That joke reveals not only the weakness of the demons around us but also the power within us to overcome them. Believe it or not, each of us has this great power within us to defeat any demon we may encounter in our walk through life. We each have a unique power, a superpower if you were. Through the waters of baptism, we were clothed with Christ and named beloved children of God. The spark of Christ went in us as represented by the candles we give to the newly baptized. Christ within us is no small power. Indeed, it is the mightiest of powers. It is the superpower of superpowers! Christ stands up to all the superheroes our culture loves to create and idolize. Christ has the greatest power of them all: the power of love. Love conquers all. There is no power greater than love and Christ has it in spades!
Just look at how powerful Christ’s love is as we heard in our reading for today. Jesus and his disciples decided to go to a land filled with people who did not know our God. After traveling by sea, they set foot in the foreign land only to be greeted by a raving maniac possessed by a demon…well, many demons as his name suggests. The townspeople were afraid of the man and had cast him out to live naked and alone among the dead. He spent his days howling and bruising himself with stones. And Jesus wasn’t afraid of him. No, Jesus saw not a demon but a man possessed by demons. Jesus saw a beloved child of God suffering at the hands of a cruel and angry demon. Jesus showed great compassion on the man and exorcised the demons from him. Why Jesus chose to transfer the demons to nearby pigs who hurled themselves off a cliff is a mystery. Perhaps it was a statement that reinforced Jewish intolerance of swine in their diet. Nevertheless, it was a powerful miracle that effectively revealed God’s love and mercy. All of Jesus’ healings and miracles and teachings served to reveal God’s great love and mercy.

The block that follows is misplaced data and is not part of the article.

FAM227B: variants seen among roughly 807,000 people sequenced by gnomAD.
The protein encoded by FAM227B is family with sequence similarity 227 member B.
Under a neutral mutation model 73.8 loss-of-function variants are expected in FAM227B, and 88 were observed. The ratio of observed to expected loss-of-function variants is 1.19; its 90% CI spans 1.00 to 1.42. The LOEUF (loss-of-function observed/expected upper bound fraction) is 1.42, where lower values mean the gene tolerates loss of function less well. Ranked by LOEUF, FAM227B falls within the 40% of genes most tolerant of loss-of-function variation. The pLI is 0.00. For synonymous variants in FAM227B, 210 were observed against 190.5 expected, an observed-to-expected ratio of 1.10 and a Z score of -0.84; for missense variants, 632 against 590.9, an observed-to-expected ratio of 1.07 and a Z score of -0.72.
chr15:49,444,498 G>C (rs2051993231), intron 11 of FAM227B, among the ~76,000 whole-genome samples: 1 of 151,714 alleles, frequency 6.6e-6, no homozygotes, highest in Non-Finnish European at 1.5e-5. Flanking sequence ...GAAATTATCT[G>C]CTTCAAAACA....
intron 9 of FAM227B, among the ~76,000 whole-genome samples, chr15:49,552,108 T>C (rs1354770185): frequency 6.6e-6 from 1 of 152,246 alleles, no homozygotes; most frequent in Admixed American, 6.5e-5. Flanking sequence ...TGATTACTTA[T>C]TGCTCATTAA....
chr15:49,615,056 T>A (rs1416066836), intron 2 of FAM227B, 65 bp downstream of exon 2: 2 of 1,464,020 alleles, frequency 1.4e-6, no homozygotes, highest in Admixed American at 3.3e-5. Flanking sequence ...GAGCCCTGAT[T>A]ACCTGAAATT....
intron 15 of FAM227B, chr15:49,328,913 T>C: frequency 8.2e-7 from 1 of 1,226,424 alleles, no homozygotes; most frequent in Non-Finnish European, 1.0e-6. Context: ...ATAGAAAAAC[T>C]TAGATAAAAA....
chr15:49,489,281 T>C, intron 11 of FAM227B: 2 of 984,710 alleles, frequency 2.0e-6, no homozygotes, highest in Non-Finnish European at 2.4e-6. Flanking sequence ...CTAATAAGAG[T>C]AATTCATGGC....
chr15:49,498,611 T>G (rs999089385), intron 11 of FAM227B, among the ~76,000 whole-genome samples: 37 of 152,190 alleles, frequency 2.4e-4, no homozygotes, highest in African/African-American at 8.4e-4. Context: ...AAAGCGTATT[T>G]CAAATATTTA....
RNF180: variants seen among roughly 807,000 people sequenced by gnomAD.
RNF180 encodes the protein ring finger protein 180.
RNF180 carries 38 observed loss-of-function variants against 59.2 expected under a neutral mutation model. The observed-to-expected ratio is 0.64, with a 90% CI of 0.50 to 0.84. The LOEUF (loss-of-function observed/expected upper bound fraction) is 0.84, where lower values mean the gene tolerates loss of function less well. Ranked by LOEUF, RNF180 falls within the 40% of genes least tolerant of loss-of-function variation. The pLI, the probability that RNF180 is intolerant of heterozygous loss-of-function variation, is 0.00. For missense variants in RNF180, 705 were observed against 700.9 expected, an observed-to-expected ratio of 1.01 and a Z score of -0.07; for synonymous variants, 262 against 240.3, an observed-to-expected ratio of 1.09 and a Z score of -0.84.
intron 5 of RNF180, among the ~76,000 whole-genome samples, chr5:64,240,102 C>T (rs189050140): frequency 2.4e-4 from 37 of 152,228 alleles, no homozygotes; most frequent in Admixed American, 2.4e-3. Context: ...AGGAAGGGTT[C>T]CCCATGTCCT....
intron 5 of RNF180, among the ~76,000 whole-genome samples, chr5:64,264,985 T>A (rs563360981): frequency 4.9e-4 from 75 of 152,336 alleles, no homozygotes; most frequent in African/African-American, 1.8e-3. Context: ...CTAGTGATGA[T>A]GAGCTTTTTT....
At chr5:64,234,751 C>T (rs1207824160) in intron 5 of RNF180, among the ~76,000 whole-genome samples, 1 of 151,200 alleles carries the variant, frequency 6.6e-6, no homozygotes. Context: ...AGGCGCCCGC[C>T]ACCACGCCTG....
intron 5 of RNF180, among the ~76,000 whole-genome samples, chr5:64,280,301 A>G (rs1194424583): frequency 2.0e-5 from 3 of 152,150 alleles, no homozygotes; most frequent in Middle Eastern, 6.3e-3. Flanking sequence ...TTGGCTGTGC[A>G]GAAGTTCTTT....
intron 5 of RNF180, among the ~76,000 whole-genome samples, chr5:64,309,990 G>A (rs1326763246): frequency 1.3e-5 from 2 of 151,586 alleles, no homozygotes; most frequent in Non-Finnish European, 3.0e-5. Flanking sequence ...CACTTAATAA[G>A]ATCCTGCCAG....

Underneath all of Jesus’ healings also laid an important truth about what Jesus strongly values: freedom. In exorcising the demons from the man, Jesus set him free from their pain and agony. Just as his teachings sought to set us free, so too were his healings. Jesus wants us to be free: free from sickness, free from pain, free from sorrow, free from fear, free from doubt, free from selfishness, free from pride…free from whatever it is that enslaves us. That is not how God wants us to live, as slaves. God wants us to live with hope, love, compassion, kindness. God wants us free to serve him and our neighbor…not as slaves but as servants. There is a fine distinction between those two titles. A slave lives without hope. A servant is full of hope and love. Jesus wants us to live free and will do whatever it takes to free us.